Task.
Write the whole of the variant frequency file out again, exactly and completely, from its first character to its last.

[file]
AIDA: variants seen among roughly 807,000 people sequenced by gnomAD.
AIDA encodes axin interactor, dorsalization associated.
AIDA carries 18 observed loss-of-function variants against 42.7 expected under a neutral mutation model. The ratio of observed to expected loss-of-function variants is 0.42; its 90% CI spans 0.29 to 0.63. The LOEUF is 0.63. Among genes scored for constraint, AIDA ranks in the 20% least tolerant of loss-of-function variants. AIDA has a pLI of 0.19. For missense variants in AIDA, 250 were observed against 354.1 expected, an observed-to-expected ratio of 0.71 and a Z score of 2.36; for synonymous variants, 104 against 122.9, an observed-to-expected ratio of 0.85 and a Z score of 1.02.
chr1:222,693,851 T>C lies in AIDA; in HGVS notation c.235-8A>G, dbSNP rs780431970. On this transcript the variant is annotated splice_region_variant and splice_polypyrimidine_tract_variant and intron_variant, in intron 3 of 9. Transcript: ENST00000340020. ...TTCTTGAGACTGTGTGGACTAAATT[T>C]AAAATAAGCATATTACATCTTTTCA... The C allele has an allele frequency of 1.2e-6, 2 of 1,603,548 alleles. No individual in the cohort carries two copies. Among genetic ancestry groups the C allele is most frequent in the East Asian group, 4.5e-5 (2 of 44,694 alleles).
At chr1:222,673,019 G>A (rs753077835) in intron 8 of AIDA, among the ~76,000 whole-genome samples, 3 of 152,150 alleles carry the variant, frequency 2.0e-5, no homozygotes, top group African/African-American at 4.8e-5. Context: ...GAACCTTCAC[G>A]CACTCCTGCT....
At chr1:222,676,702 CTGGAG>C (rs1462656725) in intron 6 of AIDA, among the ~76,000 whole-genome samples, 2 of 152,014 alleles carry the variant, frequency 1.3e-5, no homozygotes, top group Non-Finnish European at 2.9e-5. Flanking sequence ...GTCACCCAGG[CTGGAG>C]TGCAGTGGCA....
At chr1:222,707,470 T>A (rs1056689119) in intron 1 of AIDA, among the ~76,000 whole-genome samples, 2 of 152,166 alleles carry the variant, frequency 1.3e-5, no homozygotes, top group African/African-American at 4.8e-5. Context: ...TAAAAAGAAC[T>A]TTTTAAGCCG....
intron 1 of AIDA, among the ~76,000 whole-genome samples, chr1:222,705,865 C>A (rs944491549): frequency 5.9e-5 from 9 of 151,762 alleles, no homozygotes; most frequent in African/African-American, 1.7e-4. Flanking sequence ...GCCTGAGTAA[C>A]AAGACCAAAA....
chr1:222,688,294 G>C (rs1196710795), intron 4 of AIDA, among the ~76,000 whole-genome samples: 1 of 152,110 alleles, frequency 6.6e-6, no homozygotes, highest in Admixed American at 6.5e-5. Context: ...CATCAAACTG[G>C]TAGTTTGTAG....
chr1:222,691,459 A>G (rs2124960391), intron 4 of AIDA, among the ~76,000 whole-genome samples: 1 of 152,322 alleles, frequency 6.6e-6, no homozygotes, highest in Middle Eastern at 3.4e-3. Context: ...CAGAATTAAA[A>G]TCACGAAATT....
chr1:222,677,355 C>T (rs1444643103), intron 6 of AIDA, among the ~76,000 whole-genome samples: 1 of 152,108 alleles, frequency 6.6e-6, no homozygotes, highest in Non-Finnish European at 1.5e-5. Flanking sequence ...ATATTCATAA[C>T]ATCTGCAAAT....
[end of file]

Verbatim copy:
AIDA: variants seen among roughly 807,000 people sequenced by gnomAD.
AIDA encodes axin interactor, dorsalization associated.
AIDA carries 18 observed loss-of-function variants against 42.7 expected under a neutral mutation model. The ratio of observed to expected loss-of-function variants is 0.42; its 90% CI spans 0.29 to 0.63. The LOEUF is 0.63. Among genes scored for constraint, AIDA ranks in the 20% least tolerant of loss-of-function variants. AIDA has a pLI of 0.19. For missense variants in AIDA, 250 were observed against 354.1 expected, an observed-to-expected ratio of 0.71 and a Z score of 2.36; for synonymous variants, 104 against 122.9, an observed-to-expected ratio of 0.85 and a Z score of 1.02.
chr1:222,693,851 T>C lies in AIDA; in HGVS notation c.235-8A>G, dbSNP rs780431970. On this transcript the variant is annotated splice_region_variant and splice_polypyrimidine_tract_variant and intron_variant, in intron 3 of 9. Transcript: ENST00000340020. ...TTCTTGAGACTGTGTGGACTAAATT[T>C]AAAATAAGCATATTACATCTTTTCA... The C allele has an allele frequency of 1.2e-6, 2 of 1,603,548 alleles. No individual in the cohort carries two copies. Among genetic ancestry groups the C allele is most frequent in the East Asian group, 4.5e-5 (2 of 44,694 alleles).
At chr1:222,673,019 G>A (rs753077835) in intron 8 of AIDA, among the ~76,000 whole-genome samples, 3 of 152,150 alleles carry the variant, frequency 2.0e-5, no homozygotes, top group African/African-American at 4.8e-5. Context: ...GAACCTTCAC[G>A]CACTCCTGCT....
At chr1:222,676,702 CTGGAG>C (rs1462656725) in intron 6 of AIDA, among the ~76,000 whole-genome samples, 2 of 152,014 alleles carry the variant, frequency 1.3e-5, no homozygotes, top group Non-Finnish European at 2.9e-5. Flanking sequence ...GTCACCCAGG[CTGGAG>C]TGCAGTGGCA....
At chr1:222,707,470 T>A (rs1056689119) in intron 1 of AIDA, among the ~76,000 whole-genome samples, 2 of 152,166 alleles carry the variant, frequency 1.3e-5, no homozygotes, top group African/African-American at 4.8e-5. Context: ...TAAAAAGAAC[T>A]TTTTAAGCCG....
intron 1 of AIDA, among the ~76,000 whole-genome samples, chr1:222,705,865 C>A (rs944491549): frequency 5.9e-5 from 9 of 151,762 alleles, no homozygotes; most frequent in African/African-American, 1.7e-4. Flanking sequence ...GCCTGAGTAA[C>A]AAGACCAAAA....
chr1:222,688,294 G>C (rs1196710795), intron 4 of AIDA, among the ~76,000 whole-genome samples: 1 of 152,110 alleles, frequency 6.6e-6, no homozygotes, highest in Admixed American at 6.5e-5. Context: ...CATCAAACTG[G>C]TAGTTTGTAG....
chr1:222,691,459 A>G (rs2124960391), intron 4 of AIDA, among the ~76,000 whole-genome samples: 1 of 152,322 alleles, frequency 6.6e-6, no homozygotes, highest in Middle Eastern at 3.4e-3. Context: ...CAGAATTAAA[A>G]TCACGAAATT....
chr1:222,677,355 C>T (rs1444643103), intron 6 of AIDA, among the ~76,000 whole-genome samples: 1 of 152,108 alleles, frequency 6.6e-6, no homozygotes, highest in Non-Finnish European at 1.5e-5. Flanking sequence ...ATATTCATAA[C>T]ATCTGCAAAT....